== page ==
3. Revival stimulates a "great regard for the Holy Scriptures, and establishes them more in their truth and divinity..." My experience with the "revival" has not demonstrated this at all. In the many meetings I have attended the Bible is given lip service more than anything else. In fact, people who preach and teach the Scripture are often made fun of. After all, new revelation is abounding so who needs the old seems to be a theme of many in the 'revival."

4. A genuine revival "is marked by a spirit of truth." More and more a typical "revival" meeting focuses on prophecy. These prophecies are often written down and distributed. Most are so general that evidence determining their accuracy is not a serious consideration. The meetings of the "revival" are marked by long lines of people waiting to be slain in the Spirit. Meeting after meeting people are doing "carpet time" and "soaking" in the Spirit. Sometimes it is somewhat wilder with some people laughing, others staggering around as though they were drunk, and others barking, or roaring, or crowing, or jerking, or twisting, or dancing, or assuming a kind of statuesque posture.

5. A genuine revival "manifests a renewed love for God and for man". Participants in the "revival" seem to constantly want and need "more, and more, and more." The "more" is more of the Holy Spirit and when a person gets the "more" they simply lay on the carpet and soak it up. The "more" seems to incapacitate them, floor them, sometimes for hours or even days.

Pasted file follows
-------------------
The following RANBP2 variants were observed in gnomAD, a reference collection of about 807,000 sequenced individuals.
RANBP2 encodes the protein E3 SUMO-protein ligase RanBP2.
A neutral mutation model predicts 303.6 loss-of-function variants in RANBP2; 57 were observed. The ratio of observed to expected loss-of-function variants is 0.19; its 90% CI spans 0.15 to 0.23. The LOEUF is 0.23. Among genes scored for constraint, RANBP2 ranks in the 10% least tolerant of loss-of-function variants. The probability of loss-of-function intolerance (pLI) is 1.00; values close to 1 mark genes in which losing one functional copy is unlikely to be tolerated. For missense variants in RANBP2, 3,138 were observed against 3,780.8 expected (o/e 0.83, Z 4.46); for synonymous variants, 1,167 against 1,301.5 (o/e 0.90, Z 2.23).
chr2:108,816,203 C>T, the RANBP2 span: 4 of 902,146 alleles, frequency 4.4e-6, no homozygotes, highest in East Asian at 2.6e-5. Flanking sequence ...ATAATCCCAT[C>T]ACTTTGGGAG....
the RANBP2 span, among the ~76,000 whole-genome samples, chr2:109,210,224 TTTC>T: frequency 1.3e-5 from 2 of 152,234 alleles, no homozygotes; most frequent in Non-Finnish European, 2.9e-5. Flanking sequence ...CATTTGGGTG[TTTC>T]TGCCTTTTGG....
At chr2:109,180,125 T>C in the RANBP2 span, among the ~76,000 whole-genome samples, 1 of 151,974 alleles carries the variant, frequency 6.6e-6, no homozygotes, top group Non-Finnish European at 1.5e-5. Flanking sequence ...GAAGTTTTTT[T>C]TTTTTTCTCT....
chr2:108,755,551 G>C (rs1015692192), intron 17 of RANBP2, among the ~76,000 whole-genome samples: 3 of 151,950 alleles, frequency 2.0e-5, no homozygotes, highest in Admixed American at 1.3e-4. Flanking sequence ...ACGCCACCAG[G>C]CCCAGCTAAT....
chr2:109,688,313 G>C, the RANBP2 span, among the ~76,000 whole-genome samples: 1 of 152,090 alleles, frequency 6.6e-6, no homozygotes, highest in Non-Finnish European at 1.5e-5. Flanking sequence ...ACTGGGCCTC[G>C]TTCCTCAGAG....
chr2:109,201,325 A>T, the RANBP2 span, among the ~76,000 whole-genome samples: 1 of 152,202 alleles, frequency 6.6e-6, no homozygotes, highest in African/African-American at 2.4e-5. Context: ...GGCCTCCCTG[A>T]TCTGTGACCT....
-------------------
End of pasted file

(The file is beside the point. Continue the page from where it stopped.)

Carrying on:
DeArteaga discusses "cessationism" at length, the doctrine that the gifts of the Holy Spirit ceased in their operation after the Apostolic era (there are many variants to the cessationist doctrine). DeArteaga creates a straw man of the cessationist though and delights in knocking him down. He charges cessationists, among others, with standing in the way of the great last days "move of God." So the straw man is knocked down and the "revival" is authenticated! However, not all who oppose the "revival" are cessationists, yet, the cessationist argument should not so easily be dismissed.

I am not a cessationist, though I doubt that many of the expressions of the "gifts" of the Spirit in the "revival" bear any resemblance to the genuine gifts of the Holy Spirit. We do not know what speaking in tongues looks or sounds like, we don't know how prophecies were given; in fact, we know little if anything about how the gifts of the Spirit were manifest in the New Testament churches. Where can you turn in the New Testament and read about barking like a dog, or staggering around drunk (the accusation that the apostles were drunk on Pentecost simply won't do), or laughing on and on, or being "slain in the Spirit" for hours, or roaring like a lion or warrior, or becoming rigid in a statute like pose-these phenomenon are not in the Scripture.